Films that take religious issues seriously are so rare that one
has to be tolerant even of those that are deeply flawed. It’s
easy, on the one hand, to dismiss a travesty like “Stigmata”
for the trash that it is. On the other, one can’t be blinded
the obvious sincerity of “The Third Miracle” into ignoring the
fact that it has some serious problems, too.

The plot is concerned with an investigation by the Catholic
Church of the possible sanctity of a recently-deceased Chicago
housekeeper; the probe is carried out by a priest (Ed Harris)
on behalf of the local diocese, and his positive finding is in
time challenged by a Vatican archbishop who takes the role of
“devil’s advocate” opposing the proposed canonization.

This central element of “The Third Miracle” is handled very
well. The treatment of the parish where the marvels attributed
to the candidate are occurring is nicely shaded, with the
pastor and the believers portrayed without the crude
exaggeration one often finds in such circumstances. The
seriousness of the process, moreover, is expertly caught.

But once all that is said, the fact remains that what might
have been a powerfully moving film has unfortunately been
compromised by recourse to some very obvious and unconvincing
dramaturgy. First, the investigating priest, or postulator in
the ecclesiastical lexicon, is saddled with a seemingly
inevitable “crisis of faith” which leads him into a romantic
entanglement with the agnostic daughter of the candidate for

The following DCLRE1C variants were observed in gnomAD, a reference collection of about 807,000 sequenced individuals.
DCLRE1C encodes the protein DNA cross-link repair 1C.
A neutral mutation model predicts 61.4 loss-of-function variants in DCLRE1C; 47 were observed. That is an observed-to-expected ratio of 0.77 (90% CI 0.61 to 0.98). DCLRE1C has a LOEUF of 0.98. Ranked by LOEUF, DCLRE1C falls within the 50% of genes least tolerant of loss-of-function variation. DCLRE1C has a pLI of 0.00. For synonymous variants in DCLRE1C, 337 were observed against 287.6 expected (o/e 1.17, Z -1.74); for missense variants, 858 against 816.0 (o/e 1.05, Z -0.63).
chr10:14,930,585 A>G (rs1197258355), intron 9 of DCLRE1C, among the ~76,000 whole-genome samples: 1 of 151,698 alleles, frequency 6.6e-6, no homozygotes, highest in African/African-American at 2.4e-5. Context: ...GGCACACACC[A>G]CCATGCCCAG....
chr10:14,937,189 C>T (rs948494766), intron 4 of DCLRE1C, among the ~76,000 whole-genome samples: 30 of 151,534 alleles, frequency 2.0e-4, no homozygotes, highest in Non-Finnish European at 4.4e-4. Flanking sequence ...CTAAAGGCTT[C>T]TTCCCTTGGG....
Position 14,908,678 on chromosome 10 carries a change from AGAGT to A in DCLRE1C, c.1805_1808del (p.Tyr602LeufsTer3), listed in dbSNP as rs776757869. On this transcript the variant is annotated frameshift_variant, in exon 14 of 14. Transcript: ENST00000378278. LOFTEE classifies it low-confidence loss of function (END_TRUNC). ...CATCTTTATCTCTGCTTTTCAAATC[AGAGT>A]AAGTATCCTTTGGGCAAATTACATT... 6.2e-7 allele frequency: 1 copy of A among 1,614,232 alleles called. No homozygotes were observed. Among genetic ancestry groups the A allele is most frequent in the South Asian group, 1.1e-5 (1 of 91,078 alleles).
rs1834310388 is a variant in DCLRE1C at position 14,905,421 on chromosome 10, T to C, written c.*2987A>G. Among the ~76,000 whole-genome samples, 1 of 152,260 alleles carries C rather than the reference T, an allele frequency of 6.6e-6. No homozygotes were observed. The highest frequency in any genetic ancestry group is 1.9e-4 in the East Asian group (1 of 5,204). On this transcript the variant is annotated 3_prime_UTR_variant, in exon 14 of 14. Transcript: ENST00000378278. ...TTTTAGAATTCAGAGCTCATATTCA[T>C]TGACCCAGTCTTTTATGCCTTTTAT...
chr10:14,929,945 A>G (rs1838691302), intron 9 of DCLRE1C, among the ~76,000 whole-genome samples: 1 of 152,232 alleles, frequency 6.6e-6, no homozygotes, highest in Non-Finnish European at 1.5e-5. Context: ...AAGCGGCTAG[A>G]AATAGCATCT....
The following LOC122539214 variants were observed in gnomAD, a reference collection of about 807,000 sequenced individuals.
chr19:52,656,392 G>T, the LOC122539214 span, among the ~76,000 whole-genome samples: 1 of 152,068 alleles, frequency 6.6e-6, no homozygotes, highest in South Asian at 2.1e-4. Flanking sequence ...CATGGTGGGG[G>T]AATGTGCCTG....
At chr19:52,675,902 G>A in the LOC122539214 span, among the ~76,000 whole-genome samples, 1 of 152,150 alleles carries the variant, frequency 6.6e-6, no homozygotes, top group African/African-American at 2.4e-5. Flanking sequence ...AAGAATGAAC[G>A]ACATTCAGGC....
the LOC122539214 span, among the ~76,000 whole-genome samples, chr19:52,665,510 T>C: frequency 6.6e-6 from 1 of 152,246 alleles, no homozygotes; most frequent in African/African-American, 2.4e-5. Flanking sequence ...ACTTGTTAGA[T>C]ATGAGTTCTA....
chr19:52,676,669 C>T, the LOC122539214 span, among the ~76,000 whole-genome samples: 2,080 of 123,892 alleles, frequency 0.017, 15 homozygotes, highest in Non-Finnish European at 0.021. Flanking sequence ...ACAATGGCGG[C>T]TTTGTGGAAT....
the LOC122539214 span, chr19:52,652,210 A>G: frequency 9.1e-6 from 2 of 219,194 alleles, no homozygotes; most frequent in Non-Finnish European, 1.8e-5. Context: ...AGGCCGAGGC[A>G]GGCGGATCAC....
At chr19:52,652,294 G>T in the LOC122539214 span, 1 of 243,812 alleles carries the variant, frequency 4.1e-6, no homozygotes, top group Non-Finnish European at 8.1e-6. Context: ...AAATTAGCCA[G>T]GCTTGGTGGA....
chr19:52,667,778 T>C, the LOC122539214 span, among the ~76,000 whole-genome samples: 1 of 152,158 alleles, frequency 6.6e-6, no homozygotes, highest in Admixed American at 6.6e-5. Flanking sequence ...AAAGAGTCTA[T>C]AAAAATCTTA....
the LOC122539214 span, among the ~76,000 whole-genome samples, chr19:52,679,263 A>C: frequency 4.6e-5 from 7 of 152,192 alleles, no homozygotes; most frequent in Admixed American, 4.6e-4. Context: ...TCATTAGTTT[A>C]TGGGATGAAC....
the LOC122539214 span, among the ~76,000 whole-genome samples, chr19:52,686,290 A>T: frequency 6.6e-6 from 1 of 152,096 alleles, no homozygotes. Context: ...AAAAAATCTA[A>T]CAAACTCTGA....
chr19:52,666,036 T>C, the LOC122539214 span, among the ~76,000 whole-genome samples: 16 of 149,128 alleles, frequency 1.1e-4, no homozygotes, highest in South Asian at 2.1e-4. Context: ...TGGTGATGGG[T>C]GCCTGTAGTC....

canonization. This is frankly a lazy and rather offensive
device to insert some conflict into the larger story, and it’s
completely unnecessary, too. Happily the performance of Ed
Harris, as the troubled priest, is so elementally strong that
it allows the picture to get past this difficulty less maimed
than one might have expected. As the daughter, on the other
hand, Anne Heche is barely tolerable, overemoting dreadfully;
but then, it’s hard to imagine that anyone could have dealt
successfully with so thinly-constructed a characer.

A second major flaw lies in the figure of the Vatican bishop
sent to dispute the postulator’s finding. He’s written as so
smug and officious–you can tell he’s a worldly, false-hearted
prelate, it seems, from the fact that he likes good food and
listens to classical music–that he becomes a caricature of
churchly imperfection. And he’s played by Armin Mueller-Stahl
with such venomous snideness that you’d think he was
auditioning for the role of Snake in the Garden of Eden.

There are other difficulties, too, mostly arising from the
very literary quality of the material, which probably worked
better on the page than it does on the screen (the final
revelation involving a flashback to World War II Europe, for
instance, makes sense, but can’t help seeming artificial in
cinematic terms, though in a novel it might work perfectly
well). But on the whole director Agnieszka Holland has
managed to play to the script’s strengths while concealing its
weaknesses as much as possible. Holland has had a varied
career, with works ranging from the superb “Europa Europa” and
“The Secret Garden” to the unjustly neglected 1997 version of
“Washington Square” to the abominable “Total Eclipse.” Here
she’s managed to create a film which, while imperfect, at least
tries to deal with important themes in an honest and symathetic

“The Third Miracle” has its faults, therefore, but its basic
integrity of vision makes it one of the few pictures on a
religious theme that one can take seriously. It neither offers
easy answers nor cops out at the end, and so becomes a rare
thing, an admirable if flawed cinematic attempt to consider
the possibility of divine intervention in human affairs.